I always enjoy reading my university alumni magazines to check out the amazing things my college classmates have done, invented, or won. Indeed, today in my Columbia Alumni Magazine, I discovered a fascinating article "Against the Grain," by David J. Craig, that focused on one of my former professors who is an expert in Celiac Disease. I paid special notice because in the field of type 1 diabetes, Celiac disease often pops up. According to Dr. Peter Green, Director of Columbia University's Celiac Disease Center, United States physicians are only spotting 3 percent of cases. One such hypothesis is that Celiac disease is not treated with medications and has not attracted much interest from researchers due to financial concerns (Pharmaceuticals pay for approximately 80 percent of all medical research). After all, according to Dr. Green, "the pharmaceutical industry is not showing up to medical practice offices with samples of gluten-free food!"
A little medical history: According to Mr. Craig, Aretaeus of Cappadocia, the Greek physician, is credited with the identification of Celiac disease noting in the first century AD of a coeliac (Greek for abdomen) affection that made the stomach irrentive of food. The disorder is speculated to have appeared 8,000 to 12,000 years earlier when human hunter-gatherers began cultivating crops. (A Hidden Epidemic-by Peter Green, MD). According to Dr. Green, people living in what is now known as Syria crossed several types of grasses to produce wheat. Because of gluten's tendency to get sticky when mixed with water, wheat became an ideal ingredient to make bread. However, humans cannot breakdown gluten, thus the protein is usually just eliminated in the digestive tract in most people. In those with hyper-reactive immune systems, the gluten is considered a molecular invader and attacked, provoking an autoimmune response. 19th century scientists apparently noted a link between carbohydrates and celiac disease and finally in the 1940s, Dr. Willem-karel Dicke noted that many ill children in World War II who suffered from bread shortages, actually felt better! In the 1970s, blood tests were available to diagnose Celiac Disease. (For a full historical background, please consult Dr. Green's book.) According to the article, doctors in Europe continue to be the best at diagnosing Celiac disease due to the fact that many countries have nationalized health care systems to assist with preventive care. As physicians made more diagnoses, there was increased awareness and patient advocacy groups developed (as is happening now in the United States).
Green (and other authors) noted that approximately 30 percent of celiac patients have other autoimmune diseases. Of note in those with type 1 diabetes, a gluten free diet will often decrease the severity (i.e., improve blood sugar control) of other symptoms. Celiac disease is the only autoimmune disease in which researchers have identified the primary environmental trigger (Gluten). In the case of type 1 diabetes, as we know, there is no definitive trigger (of course, we know that viruses are one source). As I have mentioned previously, the total number of cases of type 1 diabetes and celiac disease are increasing dramatically.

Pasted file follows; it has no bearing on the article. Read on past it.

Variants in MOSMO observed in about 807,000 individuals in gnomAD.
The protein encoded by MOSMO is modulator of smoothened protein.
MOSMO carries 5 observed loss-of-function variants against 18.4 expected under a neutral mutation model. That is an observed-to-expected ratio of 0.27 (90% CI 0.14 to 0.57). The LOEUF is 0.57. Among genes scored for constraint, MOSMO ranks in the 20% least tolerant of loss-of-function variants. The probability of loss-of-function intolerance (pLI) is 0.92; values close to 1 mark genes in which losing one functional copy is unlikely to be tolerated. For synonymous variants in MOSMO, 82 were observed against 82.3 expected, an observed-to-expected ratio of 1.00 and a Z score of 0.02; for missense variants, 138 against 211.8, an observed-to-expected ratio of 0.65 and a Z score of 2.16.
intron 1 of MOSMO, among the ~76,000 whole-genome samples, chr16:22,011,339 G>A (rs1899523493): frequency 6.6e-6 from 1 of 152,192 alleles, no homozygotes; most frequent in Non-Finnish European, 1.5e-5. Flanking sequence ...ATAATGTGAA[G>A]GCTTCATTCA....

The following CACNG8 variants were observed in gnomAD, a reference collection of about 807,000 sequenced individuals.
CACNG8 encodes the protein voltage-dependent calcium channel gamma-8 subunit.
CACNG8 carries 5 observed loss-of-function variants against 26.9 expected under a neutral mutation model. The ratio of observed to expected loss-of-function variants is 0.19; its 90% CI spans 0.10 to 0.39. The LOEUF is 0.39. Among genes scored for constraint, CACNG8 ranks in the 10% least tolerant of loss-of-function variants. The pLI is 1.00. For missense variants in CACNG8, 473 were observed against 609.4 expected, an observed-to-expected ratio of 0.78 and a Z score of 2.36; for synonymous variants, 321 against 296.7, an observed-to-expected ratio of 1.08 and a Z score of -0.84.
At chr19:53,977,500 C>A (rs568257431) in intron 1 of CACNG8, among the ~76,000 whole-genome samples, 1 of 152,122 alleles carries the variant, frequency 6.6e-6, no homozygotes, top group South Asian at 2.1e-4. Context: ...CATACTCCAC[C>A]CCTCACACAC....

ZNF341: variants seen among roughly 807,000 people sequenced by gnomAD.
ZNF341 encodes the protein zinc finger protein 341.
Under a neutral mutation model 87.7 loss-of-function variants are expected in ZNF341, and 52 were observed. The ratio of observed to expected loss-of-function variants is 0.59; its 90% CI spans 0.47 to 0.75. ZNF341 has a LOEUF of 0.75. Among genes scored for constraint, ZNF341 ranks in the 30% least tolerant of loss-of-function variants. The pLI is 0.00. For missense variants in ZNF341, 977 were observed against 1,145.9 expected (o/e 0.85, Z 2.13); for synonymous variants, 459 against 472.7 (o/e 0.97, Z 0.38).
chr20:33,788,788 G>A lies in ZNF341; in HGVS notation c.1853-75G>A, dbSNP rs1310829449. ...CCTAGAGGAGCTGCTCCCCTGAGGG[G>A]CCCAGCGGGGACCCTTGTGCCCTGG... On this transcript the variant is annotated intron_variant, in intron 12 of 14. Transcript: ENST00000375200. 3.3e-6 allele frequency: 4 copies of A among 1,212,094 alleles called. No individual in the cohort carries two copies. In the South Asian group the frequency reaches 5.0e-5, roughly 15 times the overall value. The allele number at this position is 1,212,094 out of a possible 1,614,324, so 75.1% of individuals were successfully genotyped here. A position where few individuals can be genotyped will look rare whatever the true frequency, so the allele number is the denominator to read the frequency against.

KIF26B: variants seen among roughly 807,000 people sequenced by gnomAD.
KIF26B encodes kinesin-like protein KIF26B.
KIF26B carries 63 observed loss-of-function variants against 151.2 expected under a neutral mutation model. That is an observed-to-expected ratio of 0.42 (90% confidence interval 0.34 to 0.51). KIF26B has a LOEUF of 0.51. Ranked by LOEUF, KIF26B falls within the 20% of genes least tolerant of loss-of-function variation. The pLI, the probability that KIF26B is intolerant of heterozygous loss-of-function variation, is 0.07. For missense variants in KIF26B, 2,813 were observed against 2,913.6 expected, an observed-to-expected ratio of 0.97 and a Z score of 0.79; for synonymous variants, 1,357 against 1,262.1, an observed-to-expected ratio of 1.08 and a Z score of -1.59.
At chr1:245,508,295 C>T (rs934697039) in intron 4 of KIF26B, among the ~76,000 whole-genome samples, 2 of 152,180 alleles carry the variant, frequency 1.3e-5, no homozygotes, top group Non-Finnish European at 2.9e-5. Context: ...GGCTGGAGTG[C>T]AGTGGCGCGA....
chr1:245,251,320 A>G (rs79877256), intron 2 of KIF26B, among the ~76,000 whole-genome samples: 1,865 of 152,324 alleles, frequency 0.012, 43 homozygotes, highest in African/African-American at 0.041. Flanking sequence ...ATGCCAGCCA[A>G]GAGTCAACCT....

Why is it so important to diagnose celiac disease and go on a gluten-free diet? According "The Changing Face of Childhood Celiac Disease in North America: Impact of Serological Testing," McGowan, K.E, et al. in Pediatrics 2009; 124: 1572-1578, notes that children with undiagnosed Celiac disease remain at risk for complications including growth failure, anemia, osteopenia, delayed puberty, and/or autoimmune disease. In later years, infertility and malignancy may occur. Current North American guidelines recommend testing for celiac disease for multiple symptoms including GI complaints, chronic fatigue, short stature, delayed puberty, dental problems, increased liver enzymes, a skin condition called dermatitis herpetiformis, and nutritional anemias. Of course, in the endocrinology world, we always test for celiac disease in those with type 1 diabetes, Hashimoto's thyroiditis, Grave's Disease, IgA deficiency, Down's Syndrome, and Turner's Syndrome. In addition, clearly we would recommend testing a patient if there is a family history of Celiac Disease.
In McGowan's paper, the objective was to evaluate the impact of testing for endomysial IgA on the incidence and clinical presentation of childhood celiac disease in patients younger than 18 years, between 1990-1996 (pre-testing group-control) vs. 2000-2006 (testing group). The results were startling: the median age at diagnosis in the pre-testing group was 2 years compared with 9 years of age in the testing group. The incidence of celiac disease increased from 2 cases/100,000 children in the pre-testing group to 7.3 cases per 100,000 in the testing group. Thus, in conclusion, antibody testing for celiac disease tripled the incidence of celiac disease and quadrupled the median age at diagnosis. Lastly, the serologic testing was able to identify those children who presented with symptoms that were not necessarily typical for classic celiac disease or in many cases "silent celiac disease" without any symptoms.
The final message is to remember that autoimmune diseases often travel together...and screening is an essential tool even if one may have no symptoms of the disease. It is becoming more apparent that by diagnosis and treatment of one or more of these associated autoimmune diseases, the severity of symptoms and morbidity from the illnesses may improve considerably.